EAST Asian security and trade discussions have been dominated by certain issues over the past few years. China’s militarised islands in the South China Sea, regular incursions into Japan’s exclusive economic zones by Chinese naval and merchant vessels, North Korean denuclearisation diplomacy, and the US-China trade war are only some examples of these.
Consequently, cross-strait relations have been deprioritised in diplomacy, the media, and as a plausible security threat. With growing calls to accelerate Taiwan’s reunification with the Mainland, this is especially unsettling.
On top of increasing domestic criticism over President Xi Jinping’s perceived regional and global assertiveness, other factors have also given power to such demands.
To begin, several sensitive anniversaries lie ahead this year. Each act as an inconvenient historical fact that highlights the incongruity between how the Communist Party of China (CCP) understands and propagates Chinese history and how it is understood outside of Mainland China.
For example, this year marks the 60th anniversary of the Tibet Uprising and the 30th anniversary of the Tiananmen Square Massacre – both vivid illustrations of the less-than-peaceful reality of modern China.
The Tibetan Uprising may have been defeated, but, to this day, the Tibetan region is marked by a heavy security footprint to prevent a resurgence in Tibetan pro-independent supporters. Concerns over domestic instability in restive ethnic regions including Tibet and Xinjiang are manifested in significant investments in enhancing domestic security spending under Xi.
The Tiananmen Incident, on the other hand, has deeply shaped the mindset of leaders in Beijing with many of the issues being fought for in 1989 – for example, the stamping out of corruption, greater government transparency, and more socioeconomic equality – being even more pronounced today.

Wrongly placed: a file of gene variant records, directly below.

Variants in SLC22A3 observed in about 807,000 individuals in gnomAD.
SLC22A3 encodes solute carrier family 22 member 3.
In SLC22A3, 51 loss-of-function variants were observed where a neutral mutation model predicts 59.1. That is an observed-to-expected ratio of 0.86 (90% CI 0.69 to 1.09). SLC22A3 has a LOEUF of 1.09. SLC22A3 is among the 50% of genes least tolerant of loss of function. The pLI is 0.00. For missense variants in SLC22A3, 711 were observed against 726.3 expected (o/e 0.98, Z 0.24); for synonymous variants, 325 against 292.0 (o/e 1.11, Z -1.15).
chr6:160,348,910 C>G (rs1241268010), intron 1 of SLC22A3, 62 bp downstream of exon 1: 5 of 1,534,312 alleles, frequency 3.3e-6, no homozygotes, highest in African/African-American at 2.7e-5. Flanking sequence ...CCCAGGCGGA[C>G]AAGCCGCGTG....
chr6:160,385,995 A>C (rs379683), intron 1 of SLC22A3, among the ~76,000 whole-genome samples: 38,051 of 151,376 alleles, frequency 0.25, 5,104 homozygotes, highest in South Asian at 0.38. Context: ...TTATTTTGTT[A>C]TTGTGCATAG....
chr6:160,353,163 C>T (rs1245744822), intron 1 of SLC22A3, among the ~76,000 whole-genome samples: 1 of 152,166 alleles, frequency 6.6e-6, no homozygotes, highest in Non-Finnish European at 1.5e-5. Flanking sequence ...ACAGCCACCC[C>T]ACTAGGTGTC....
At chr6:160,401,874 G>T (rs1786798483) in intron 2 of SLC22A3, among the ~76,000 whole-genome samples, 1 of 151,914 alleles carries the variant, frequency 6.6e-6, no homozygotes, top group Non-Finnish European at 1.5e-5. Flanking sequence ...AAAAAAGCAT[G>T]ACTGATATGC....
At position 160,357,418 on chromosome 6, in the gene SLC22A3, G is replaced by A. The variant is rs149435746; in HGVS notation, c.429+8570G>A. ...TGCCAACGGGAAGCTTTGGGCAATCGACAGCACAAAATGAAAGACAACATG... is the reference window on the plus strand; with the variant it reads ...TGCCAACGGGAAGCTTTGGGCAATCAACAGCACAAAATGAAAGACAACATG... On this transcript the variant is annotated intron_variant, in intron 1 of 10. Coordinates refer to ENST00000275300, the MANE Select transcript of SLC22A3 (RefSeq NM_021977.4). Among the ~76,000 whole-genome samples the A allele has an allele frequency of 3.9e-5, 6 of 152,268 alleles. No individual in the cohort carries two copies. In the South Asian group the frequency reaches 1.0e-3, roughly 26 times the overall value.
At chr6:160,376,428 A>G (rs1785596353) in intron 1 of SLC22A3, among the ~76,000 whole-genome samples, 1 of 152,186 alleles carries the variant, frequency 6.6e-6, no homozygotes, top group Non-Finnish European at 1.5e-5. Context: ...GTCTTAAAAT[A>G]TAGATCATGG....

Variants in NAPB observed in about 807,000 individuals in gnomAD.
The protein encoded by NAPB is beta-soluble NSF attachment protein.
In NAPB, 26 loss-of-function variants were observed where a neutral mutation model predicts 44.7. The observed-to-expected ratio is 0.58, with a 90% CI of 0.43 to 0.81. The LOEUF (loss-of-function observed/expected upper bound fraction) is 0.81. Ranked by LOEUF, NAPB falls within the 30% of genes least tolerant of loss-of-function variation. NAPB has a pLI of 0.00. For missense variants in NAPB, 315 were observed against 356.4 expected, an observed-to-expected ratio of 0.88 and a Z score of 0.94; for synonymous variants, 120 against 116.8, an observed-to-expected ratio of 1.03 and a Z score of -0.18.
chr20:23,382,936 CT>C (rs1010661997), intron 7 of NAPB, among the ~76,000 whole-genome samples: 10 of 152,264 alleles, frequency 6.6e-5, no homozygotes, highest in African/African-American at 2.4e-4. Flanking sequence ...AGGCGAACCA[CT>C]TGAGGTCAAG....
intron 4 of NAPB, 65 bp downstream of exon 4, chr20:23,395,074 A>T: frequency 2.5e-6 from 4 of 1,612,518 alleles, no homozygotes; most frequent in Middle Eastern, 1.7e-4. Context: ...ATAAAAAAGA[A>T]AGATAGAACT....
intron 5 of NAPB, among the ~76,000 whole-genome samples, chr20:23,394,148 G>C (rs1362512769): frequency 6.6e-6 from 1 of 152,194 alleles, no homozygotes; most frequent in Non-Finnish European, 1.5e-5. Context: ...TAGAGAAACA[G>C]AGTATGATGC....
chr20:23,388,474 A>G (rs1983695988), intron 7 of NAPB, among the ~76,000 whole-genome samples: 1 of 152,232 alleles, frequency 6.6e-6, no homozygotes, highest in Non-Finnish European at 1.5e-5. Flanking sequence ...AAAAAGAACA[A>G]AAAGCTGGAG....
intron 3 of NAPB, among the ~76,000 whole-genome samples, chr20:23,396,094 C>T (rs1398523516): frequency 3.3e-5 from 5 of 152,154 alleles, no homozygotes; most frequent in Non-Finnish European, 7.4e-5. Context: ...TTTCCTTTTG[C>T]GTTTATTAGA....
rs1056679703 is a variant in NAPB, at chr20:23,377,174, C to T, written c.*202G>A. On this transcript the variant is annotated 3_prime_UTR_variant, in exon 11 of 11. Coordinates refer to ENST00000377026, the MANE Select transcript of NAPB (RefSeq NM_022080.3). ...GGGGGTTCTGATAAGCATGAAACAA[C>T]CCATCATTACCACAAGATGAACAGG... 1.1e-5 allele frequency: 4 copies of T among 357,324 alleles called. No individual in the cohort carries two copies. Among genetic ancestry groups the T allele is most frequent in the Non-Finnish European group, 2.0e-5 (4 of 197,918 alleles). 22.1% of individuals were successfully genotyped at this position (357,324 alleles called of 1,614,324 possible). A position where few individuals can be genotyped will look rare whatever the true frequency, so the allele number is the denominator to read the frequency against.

Leaders fear that Chinese citizens will be reminded of lingering and deepening issues of corruption, the lack of transparency, and social inequality and that this might lead to spontaneous and uncontrolled movements against the CCP.
Other inconvenient, coinciding anniversaries like the 70th anniversary of the founding of the People’s Republic of China and the 100th anniversary of the May Fourth Movement further complicate how Mainland China understands itself.
The CCP claims that it single-handedly ejected the foreign evaders to end the ‘Century of Humiliation’. The continued existence of movements in Tibet, Xinjiang, and parts of what the CCP unsuccessfully claims as Chinese sovereign territory puts a deep dent Beijing’s historical narrative with irksome facts on the ground acting as counter-narratives.
This draws concern in Zhongnanhai as the May Fourth Movement was an anti-imperialist, cultural, and political movement which grew from student participants in Beijing. Taiwan’s continued separation from the Mainland and unresolved territorial issues encourage nationalistic sentiment within political stakeholders including the People’s Liberation Army, Xi’s political adversaries, and ordinary citizens.
Holding these nationalistic sentiments in check will be a difficult task for Xi in 2019, as he and the Party have placed Taiwanese-Mainland reunification as part of China’s core interests outlined in its white paper published in 2011.